The second model is for estimation of the maximum hazardous area generated by the shaped charge jet. This calculation model is based on the trajectory of the most critical jet segment, i.e. the slug. By defining typical values for those parameters that EOD personnel normally do not have information about, this model can be described with a simple graph. The graph gives the maximum hazardous area based only on the calibre and the elevation of the ordnance. The slug may be stable or unstable in its trajectory - the former giving a significantly larger hazardous area. As the conditions for or the probability of which will apply in a particular case is, currently, not supported by adequate scientific data, figures are given both for a stable and a tumbling slug segment. The use of the figures for an unstable slug will lead to a smaller area at the expense of higher risk.

    The two suggested models are developed further into a set of "tools" for the design of protective measures. These tools are adapted to the unique nature of EOD operations, and consist of a complete set of design rules giving a versatile tool to replace today´s rough estimates and guesswork.

  • 12.
    Litzinger, Paul
    et al.
    University of Applied Sciences Technikum Wien.
    Navratil, Gerhard
    Vienna University of Technology, Institute for Geoinformation and Car-tography.
    Sivertun, Åke
    Swedish Defence University, Department of Military Studies, Military-Technology Division.
    Knorr, Daniela
    UBIMET GmbH, Vienna.
    Using Weather Information to Improve Route Planning2012In: Bridging the Geographic Information Sciences: International AGILE'2012 Conference, Avignon (France), April, 24-27, 2012 / [ed] Jérôme Gensel, Didier Josselin, Danny Vandenbroucke, Springer Berlin/Heidelberg, 2012, p. 199-214Chapter in book (Refereed)
    Abstract [en]

    Weather has a significant influence on navigation processes. Driving dur-ing a heavy rain, for example, is slower and due to poor visibility more dangerous than driving in perfect weather conditions. Thus from time management and safety perspective including weather information is bene-ficial. Weather, especially rain may also be critical for transportation tasks since some commodities like straw or sand should not get wet. In the last years, the quality of weather information and weather forecast has im-proved and could be used to improve route planning. The paper discusses how weather information can be included in route planning algorithms. A first approximating algorithm to incorporate weather forecast data is pre-sented. Some examples showing the impact on route planning conclude the paper.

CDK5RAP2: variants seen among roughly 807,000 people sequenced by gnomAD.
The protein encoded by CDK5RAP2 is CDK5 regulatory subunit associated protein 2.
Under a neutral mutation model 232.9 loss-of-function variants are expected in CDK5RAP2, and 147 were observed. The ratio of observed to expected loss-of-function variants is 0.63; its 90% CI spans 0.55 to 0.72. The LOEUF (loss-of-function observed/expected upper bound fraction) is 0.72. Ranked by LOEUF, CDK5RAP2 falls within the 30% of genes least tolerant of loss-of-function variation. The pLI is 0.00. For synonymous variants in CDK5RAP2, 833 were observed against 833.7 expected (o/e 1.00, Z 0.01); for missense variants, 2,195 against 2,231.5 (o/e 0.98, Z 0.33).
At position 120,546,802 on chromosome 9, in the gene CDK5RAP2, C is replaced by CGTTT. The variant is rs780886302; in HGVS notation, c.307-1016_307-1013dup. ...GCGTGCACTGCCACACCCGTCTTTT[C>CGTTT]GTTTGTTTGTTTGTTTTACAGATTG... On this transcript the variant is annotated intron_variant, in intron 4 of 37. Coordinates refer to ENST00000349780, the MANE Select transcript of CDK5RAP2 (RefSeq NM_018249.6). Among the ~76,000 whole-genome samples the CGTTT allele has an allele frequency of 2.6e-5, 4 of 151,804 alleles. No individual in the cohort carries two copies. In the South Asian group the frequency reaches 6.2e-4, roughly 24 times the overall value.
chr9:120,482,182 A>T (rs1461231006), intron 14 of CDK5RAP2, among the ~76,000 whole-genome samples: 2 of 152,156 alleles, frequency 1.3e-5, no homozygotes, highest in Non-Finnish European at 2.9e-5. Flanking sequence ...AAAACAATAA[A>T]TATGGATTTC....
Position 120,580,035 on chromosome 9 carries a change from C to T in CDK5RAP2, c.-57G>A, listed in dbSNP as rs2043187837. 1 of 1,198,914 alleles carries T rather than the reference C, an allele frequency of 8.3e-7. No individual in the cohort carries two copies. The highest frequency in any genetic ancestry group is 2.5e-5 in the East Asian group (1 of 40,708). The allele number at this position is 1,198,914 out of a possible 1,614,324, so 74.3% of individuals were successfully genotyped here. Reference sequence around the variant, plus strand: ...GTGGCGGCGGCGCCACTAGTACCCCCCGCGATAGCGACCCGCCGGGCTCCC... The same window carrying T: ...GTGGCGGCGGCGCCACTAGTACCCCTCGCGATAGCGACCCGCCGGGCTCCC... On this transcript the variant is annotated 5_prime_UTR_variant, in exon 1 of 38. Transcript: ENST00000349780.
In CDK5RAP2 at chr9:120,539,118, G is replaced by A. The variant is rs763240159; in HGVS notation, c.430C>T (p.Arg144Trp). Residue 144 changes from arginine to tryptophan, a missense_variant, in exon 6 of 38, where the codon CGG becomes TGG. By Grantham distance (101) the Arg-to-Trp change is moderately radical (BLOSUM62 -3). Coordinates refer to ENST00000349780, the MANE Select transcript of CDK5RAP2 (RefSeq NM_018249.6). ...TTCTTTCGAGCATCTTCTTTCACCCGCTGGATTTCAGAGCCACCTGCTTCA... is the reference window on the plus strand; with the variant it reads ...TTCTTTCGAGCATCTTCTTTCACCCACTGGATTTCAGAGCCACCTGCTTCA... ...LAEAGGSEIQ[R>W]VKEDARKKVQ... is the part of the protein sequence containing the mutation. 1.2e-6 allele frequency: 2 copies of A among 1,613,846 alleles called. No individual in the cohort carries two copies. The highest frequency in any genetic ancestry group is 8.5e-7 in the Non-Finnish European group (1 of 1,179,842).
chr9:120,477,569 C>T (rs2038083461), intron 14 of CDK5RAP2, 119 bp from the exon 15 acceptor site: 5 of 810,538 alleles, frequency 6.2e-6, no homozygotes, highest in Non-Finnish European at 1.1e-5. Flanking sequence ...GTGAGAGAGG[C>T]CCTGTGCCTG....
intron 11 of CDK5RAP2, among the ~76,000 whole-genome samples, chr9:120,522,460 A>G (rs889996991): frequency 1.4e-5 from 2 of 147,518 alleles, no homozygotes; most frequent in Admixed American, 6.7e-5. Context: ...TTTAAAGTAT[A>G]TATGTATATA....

• 13.
    Morales-Simfors, Nury
    et al.
    Swedish Defence University, Department of Military Studies, Military-Technology Division.
    Dulanya, Zuze
    University of Malawi, Zomba, Malawi.
    Sivertun, Åke
    Swedish Defence University, Department of Military Studies, Military-Technology Division.
    Structural and Stratigraphic Controls of Malawi's Hotsprings: a Review2015In: Proceedings World Geothermal Congress 2015 Melbourne, Australia, 19-25 April 2015, Bochum, Germany: International Geothermal Association , 2015Conference paper (Refereed)
    Abstract [en]